What happens to a man when all his life choices go against the grain? It is hard to deal with life in a small town when you are “different” and in a small town, everyone knows enough about all their neighbors. In Samuel D. Hunter’s Chicago Premiere of “The Whale” now onstage at Victory Gardens Theater, we are in such a small town , in of all places Northern Idaho. As the play opens, we see a messy studio apartment, in which Charlie, our main character resides. Charlie is obese, weighing in at probably 600 pounds or more ( Dale Calandra, full dressed in a “fat Suit” truly pulls off this difficult role). Charley lives alone, and since his boyfriend died has been eating himself to death , so to speak. He is unable to leave his apartment so he has become an online tutor working with students who are in need of guidance. His neighbor and friend Liz ( deftly handled by Cheryl Graeff), a nurse, makes sure he is okay, but truly would prefer he get medical attention.
But there is a great deal more to Charlie, than just a fat man, despondent over his loss, waiting to die. He has a teen-age daughter, Ellie( a fierce portrayal by Leah Karpel) who has been out of his life since he left his mother, Mary ( a fine performance by Patricia Kane) for his boyfriend. There is a great deal of hate on Ellie’s part for not having a father during her growing up process. Despite what has happened to Charlie, however, he has in his own way, kept tabs on his daughter and truly wants her to have happiness in her life- to not have a hard life. He has saved money over the years, part of which came from not having health insurance, which he offers to her in a first meeting after years of not having any contact. In the Yiddish language, there is a word which people use- “Mensch”. This means someone who is real and cares and will always find the best way to make everyone better off. When Charlie tells Ellie that he has saved this money for her and apologizes for what happened, he truly shows the audience what a “Mensch” is!
The Other character in the story is Elder Thomas ( cleverly played by Will Allan) , a young Mormon from Iowa who is supposedly on his “mission” from the Mormon Church to preach “The Book Of Mormon”. As it turns out, he was not sent by the church, but for some reason is there to save Charlie. This part is a bit confusing in this almost two hour show with NO intermission. I can understand the playwright not wanting to break the momentum of the story, but I have a feeling that on matinees, with a number of “seniors” in the audience, there may be lots of people going in and out for bathroom breaks, which might do more damage to a well told story than a 10 minute intermission.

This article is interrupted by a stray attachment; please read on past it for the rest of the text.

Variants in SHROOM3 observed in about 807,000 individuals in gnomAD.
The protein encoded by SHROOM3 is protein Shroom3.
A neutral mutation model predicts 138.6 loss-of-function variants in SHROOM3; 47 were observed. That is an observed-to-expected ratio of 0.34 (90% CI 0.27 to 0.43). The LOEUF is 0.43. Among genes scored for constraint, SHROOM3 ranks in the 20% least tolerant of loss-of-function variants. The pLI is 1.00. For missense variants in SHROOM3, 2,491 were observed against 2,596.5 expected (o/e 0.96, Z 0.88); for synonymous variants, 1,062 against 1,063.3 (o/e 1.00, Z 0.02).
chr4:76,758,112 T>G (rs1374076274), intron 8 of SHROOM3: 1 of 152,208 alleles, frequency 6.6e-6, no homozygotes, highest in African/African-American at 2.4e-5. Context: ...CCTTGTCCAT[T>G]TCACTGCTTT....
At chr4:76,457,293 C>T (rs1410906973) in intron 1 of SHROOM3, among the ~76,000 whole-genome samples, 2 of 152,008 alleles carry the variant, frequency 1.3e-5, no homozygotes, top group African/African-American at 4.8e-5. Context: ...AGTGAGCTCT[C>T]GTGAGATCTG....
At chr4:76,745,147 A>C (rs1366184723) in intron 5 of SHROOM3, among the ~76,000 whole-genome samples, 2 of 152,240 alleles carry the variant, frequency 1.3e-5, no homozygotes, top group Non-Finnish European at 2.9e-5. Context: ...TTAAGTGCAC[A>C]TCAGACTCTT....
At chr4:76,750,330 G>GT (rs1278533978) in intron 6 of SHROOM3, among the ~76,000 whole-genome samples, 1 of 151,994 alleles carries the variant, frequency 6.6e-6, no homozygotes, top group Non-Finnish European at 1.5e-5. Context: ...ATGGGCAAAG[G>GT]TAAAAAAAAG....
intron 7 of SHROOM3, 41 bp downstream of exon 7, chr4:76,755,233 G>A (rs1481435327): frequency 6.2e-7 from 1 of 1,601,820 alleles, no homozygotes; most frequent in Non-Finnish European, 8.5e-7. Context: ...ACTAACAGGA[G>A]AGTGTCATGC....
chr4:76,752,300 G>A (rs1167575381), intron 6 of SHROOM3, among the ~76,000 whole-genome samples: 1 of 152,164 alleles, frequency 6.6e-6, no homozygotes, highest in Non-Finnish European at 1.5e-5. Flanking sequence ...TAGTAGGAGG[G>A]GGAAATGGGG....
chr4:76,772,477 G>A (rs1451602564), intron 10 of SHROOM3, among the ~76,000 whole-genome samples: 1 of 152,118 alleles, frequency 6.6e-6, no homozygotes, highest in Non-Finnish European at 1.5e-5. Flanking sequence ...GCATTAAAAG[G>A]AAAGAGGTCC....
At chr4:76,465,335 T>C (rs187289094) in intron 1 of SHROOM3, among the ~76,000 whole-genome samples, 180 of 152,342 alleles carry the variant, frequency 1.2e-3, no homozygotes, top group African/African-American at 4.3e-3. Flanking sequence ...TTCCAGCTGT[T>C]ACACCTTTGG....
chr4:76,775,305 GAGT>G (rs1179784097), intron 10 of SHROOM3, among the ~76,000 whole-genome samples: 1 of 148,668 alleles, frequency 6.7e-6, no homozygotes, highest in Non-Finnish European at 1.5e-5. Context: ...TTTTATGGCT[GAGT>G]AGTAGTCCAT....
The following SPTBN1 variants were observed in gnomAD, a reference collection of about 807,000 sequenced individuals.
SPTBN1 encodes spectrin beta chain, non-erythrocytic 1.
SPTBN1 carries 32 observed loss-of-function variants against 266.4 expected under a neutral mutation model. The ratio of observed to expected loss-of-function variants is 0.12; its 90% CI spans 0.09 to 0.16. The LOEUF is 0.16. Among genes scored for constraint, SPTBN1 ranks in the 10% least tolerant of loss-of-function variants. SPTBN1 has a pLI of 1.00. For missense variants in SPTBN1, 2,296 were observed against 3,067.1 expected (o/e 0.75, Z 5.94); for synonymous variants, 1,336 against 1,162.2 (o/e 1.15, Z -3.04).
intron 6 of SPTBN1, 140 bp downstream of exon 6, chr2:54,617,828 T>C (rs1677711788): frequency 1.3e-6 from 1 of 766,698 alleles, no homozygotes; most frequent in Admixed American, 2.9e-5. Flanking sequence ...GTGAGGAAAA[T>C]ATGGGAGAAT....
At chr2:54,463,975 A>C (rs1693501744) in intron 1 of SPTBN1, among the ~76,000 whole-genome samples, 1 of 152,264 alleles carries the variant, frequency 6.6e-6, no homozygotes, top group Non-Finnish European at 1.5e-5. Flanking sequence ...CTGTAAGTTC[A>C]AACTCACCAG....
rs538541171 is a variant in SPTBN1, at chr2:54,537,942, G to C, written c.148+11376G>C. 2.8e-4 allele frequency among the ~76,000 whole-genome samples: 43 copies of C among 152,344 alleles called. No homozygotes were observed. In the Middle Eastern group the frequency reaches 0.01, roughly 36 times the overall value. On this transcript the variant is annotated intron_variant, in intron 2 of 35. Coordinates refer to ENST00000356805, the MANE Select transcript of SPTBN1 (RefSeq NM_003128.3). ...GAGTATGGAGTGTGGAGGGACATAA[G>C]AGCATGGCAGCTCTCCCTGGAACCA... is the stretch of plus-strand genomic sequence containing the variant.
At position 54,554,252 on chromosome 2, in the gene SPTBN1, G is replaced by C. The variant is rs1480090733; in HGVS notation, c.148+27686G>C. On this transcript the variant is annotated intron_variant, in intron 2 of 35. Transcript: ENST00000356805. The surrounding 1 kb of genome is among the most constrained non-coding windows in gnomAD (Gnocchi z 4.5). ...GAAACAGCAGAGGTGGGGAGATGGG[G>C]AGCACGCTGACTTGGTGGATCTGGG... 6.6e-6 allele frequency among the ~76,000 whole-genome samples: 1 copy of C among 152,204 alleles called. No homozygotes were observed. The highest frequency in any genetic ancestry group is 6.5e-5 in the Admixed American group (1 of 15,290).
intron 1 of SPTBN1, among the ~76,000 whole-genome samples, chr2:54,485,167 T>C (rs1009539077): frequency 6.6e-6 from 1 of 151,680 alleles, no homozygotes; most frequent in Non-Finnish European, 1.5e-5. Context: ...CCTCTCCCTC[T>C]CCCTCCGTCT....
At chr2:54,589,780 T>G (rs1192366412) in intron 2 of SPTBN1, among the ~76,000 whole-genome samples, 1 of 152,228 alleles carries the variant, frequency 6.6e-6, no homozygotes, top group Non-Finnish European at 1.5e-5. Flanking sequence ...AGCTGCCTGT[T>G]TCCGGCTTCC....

This production is smoothly directed by Joanie Schultz with great feeling and honesty. In fact, one must note that the daughter, Ellie, never loses her disdain for what Charley did to her.Often, a playwright or director will try to bring a play to an ending where all the characters turn for the better. Ellie stays mad! The technical parts of the play add to the realistic feeling that Schultz and her cast have created from Hunter’s play- Chelsea Warren’s set is one that would be just what a hermit might live in, Heather Gilbert’s lighting sets the mood for each of the scenes and Sarah Burnham has managed to find many outstanding props, including a wheelchair for “fat people”. The sound ( Thomas Dixon) had some great effects, but there were a few times that the actors did not project to the back row ( something I learned as an acting student back in the 60’s). Victory Gardens is small enough so that microphones are unneeded, but large enough for the actors to project. Remember, if they do not hear it, the story will not unfold as the playwright penned it.
While this story is one of regrets and sadness, there is some humor as well. The important part of the story is how each of us cope with loss and try to fix the things that we have “broken”. I found that each of the characters were honest portrayals of people who might live or have lived in these types of situations. Mary, of course hates Charlie for leaving them , but still managed to communicate with Charlie over the years and send him copies of Ellie’s works and writings, and although Charley fell out of love with the mother of his daughter and in love with someone else, he never stopped loving his daughter and as he became sicker and fatter, his dream was to have that reconciliation before passing. There is a special moment at the end of the play, one that I guarantee will have a tear or two rolling down your cheek (or cheeks). A moment of poetic beauty.
“The Whale” will continue at Victory Gardens Theater, located at 2433 N. Lincoln Avenue ( off of Fullerton and Halsted on Lincoln- the old Biograph) through May 5th with performances as follows:
Tuesdays through Fridays at 7:30 p.m.
Saturdays at 4 and 7:30 p.m.
Sundays at 3 p.m.
There are student tickets as well as senior, subject to availability on discounts as well as 20 for $20 ( again subject to availability) and half price RUSH tickets on day of performances ( once again, subject to availability).
Parking is a bit of a problem in the area, but valet parking is available and there are three hour meters in the area as well as discounted garage parking just south of the theater on Lincoln ( the old Children’s Memorial garage)
Check the website for some special discussions to go along with special performances for the hearing and visual impaired-www.victorygardens.org
To see what others say, visit www.theatreinchicago.com, go to Review Round-up and click at “The Whale”